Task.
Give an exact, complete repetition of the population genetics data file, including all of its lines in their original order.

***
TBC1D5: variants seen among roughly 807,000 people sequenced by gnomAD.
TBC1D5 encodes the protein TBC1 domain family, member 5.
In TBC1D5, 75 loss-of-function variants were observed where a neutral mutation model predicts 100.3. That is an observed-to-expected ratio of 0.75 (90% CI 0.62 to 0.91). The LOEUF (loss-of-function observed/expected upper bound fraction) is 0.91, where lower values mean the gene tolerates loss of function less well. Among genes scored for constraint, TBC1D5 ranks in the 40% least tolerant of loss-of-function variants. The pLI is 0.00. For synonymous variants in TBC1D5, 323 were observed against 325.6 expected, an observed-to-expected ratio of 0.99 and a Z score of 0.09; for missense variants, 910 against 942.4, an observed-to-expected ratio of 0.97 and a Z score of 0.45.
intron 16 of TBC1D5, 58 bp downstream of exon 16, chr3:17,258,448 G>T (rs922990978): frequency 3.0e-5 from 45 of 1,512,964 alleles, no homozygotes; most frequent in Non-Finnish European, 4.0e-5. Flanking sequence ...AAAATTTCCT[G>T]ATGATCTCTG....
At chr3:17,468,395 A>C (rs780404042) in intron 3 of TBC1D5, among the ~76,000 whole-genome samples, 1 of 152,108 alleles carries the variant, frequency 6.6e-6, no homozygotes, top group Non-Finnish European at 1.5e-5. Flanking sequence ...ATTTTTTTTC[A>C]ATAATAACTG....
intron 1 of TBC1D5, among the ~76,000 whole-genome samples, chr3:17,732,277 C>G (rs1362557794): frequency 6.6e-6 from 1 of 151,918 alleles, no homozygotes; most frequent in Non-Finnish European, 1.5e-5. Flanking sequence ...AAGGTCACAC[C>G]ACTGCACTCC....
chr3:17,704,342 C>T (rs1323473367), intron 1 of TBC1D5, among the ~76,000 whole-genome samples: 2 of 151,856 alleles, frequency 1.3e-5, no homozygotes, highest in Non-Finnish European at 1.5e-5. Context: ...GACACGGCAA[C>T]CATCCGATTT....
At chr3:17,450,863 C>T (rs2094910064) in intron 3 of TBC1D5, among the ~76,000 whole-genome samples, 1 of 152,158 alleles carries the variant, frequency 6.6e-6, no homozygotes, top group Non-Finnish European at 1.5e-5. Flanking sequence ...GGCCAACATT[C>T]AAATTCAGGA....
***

TBC1D5: variants seen among roughly 807,000 people sequenced by gnomAD.
TBC1D5 encodes the protein TBC1 domain family, member 5.
In TBC1D5, 75 loss-of-function variants were observed where a neutral mutation model predicts 100.3. That is an observed-to-expected ratio of 0.75 (90% CI 0.62 to 0.91). The LOEUF (loss-of-function observed/expected upper bound fraction) is 0.91, where lower values mean the gene tolerates loss of function less well. Among genes scored for constraint, TBC1D5 ranks in the 40% least tolerant of loss-of-function variants. The pLI is 0.00. For synonymous variants in TBC1D5, 323 were observed against 325.6 expected, an observed-to-expected ratio of 0.99 and a Z score of 0.09; for missense variants, 910 against 942.4, an observed-to-expected ratio of 0.97 and a Z score of 0.45.
intron 16 of TBC1D5, 58 bp downstream of exon 16, chr3:17,258,448 G>T (rs922990978): frequency 3.0e-5 from 45 of 1,512,964 alleles, no homozygotes; most frequent in Non-Finnish European, 4.0e-5. Flanking sequence ...AAAATTTCCT[G>T]ATGATCTCTG....
At chr3:17,468,395 A>C (rs780404042) in intron 3 of TBC1D5, among the ~76,000 whole-genome samples, 1 of 152,108 alleles carries the variant, frequency 6.6e-6, no homozygotes, top group Non-Finnish European at 1.5e-5. Flanking sequence ...ATTTTTTTTC[A>C]ATAATAACTG....
intron 1 of TBC1D5, among the ~76,000 whole-genome samples, chr3:17,732,277 C>G (rs1362557794): frequency 6.6e-6 from 1 of 151,918 alleles, no homozygotes; most frequent in Non-Finnish European, 1.5e-5. Flanking sequence ...AAGGTCACAC[C>G]ACTGCACTCC....
chr3:17,704,342 C>T (rs1323473367), intron 1 of TBC1D5, among the ~76,000 whole-genome samples: 2 of 151,856 alleles, frequency 1.3e-5, no homozygotes, highest in Non-Finnish European at 1.5e-5. Context: ...GACACGGCAA[C>T]CATCCGATTT....
At chr3:17,450,863 C>T (rs2094910064) in intron 3 of TBC1D5, among the ~76,000 whole-genome samples, 1 of 152,158 alleles carries the variant, frequency 6.6e-6, no homozygotes, top group Non-Finnish European at 1.5e-5. Flanking sequence ...GGCCAACATT[C>T]AAATTCAGGA....